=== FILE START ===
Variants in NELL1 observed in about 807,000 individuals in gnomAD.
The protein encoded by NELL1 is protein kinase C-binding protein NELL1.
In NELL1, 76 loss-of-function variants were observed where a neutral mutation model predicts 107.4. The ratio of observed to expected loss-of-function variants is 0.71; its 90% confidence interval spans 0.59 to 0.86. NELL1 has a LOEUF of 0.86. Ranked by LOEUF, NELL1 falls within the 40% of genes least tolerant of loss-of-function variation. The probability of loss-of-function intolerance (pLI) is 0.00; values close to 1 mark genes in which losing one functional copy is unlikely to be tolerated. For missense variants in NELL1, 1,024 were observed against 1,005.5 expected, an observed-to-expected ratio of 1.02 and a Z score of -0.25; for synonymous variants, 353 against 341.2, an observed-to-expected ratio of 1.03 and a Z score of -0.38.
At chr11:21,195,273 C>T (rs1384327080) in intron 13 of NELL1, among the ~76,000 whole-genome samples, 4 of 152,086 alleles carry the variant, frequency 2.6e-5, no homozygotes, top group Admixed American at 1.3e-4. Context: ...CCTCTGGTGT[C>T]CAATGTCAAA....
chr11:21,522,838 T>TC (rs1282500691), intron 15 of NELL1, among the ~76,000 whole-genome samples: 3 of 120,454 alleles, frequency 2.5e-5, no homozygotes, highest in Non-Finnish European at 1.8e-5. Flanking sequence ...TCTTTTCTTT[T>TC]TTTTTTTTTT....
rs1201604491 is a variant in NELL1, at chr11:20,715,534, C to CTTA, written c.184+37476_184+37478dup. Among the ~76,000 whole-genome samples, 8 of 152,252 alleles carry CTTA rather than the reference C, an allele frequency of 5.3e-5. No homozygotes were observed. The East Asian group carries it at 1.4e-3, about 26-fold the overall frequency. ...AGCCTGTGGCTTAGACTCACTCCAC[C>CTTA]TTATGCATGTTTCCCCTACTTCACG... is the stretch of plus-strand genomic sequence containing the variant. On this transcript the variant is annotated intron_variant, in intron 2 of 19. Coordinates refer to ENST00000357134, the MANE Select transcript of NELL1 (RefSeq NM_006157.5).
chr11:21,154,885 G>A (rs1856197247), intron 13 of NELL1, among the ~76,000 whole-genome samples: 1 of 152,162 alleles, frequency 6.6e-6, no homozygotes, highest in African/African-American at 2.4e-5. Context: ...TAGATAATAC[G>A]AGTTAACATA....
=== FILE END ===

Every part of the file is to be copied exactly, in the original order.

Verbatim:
Variants in NELL1 observed in about 807,000 individuals in gnomAD.
The protein encoded by NELL1 is protein kinase C-binding protein NELL1.
In NELL1, 76 loss-of-function variants were observed where a neutral mutation model predicts 107.4. The ratio of observed to expected loss-of-function variants is 0.71; its 90% confidence interval spans 0.59 to 0.86. NELL1 has a LOEUF of 0.86. Ranked by LOEUF, NELL1 falls within the 40% of genes least tolerant of loss-of-function variation. The probability of loss-of-function intolerance (pLI) is 0.00; values close to 1 mark genes in which losing one functional copy is unlikely to be tolerated. For missense variants in NELL1, 1,024 were observed against 1,005.5 expected, an observed-to-expected ratio of 1.02 and a Z score of -0.25; for synonymous variants, 353 against 341.2, an observed-to-expected ratio of 1.03 and a Z score of -0.38.
At chr11:21,195,273 C>T (rs1384327080) in intron 13 of NELL1, among the ~76,000 whole-genome samples, 4 of 152,086 alleles carry the variant, frequency 2.6e-5, no homozygotes, top group Admixed American at 1.3e-4. Context: ...CCTCTGGTGT[C>T]CAATGTCAAA....
chr11:21,522,838 T>TC (rs1282500691), intron 15 of NELL1, among the ~76,000 whole-genome samples: 3 of 120,454 alleles, frequency 2.5e-5, no homozygotes, highest in Non-Finnish European at 1.8e-5. Flanking sequence ...TCTTTTCTTT[T>TC]TTTTTTTTTT....
rs1201604491 is a variant in NELL1, at chr11:20,715,534, C to CTTA, written c.184+37476_184+37478dup. Among the ~76,000 whole-genome samples, 8 of 152,252 alleles carry CTTA rather than the reference C, an allele frequency of 5.3e-5. No homozygotes were observed. The East Asian group carries it at 1.4e-3, about 26-fold the overall frequency. ...AGCCTGTGGCTTAGACTCACTCCAC[C>CTTA]TTATGCATGTTTCCCCTACTTCACG... is the stretch of plus-strand genomic sequence containing the variant. On this transcript the variant is annotated intron_variant, in intron 2 of 19. Coordinates refer to ENST00000357134, the MANE Select transcript of NELL1 (RefSeq NM_006157.5).
chr11:21,154,885 G>A (rs1856197247), intron 13 of NELL1, among the ~76,000 whole-genome samples: 1 of 152,162 alleles, frequency 6.6e-6, no homozygotes, highest in African/African-American at 2.4e-5. Context: ...TAGATAATAC[G>A]AGTTAACATA....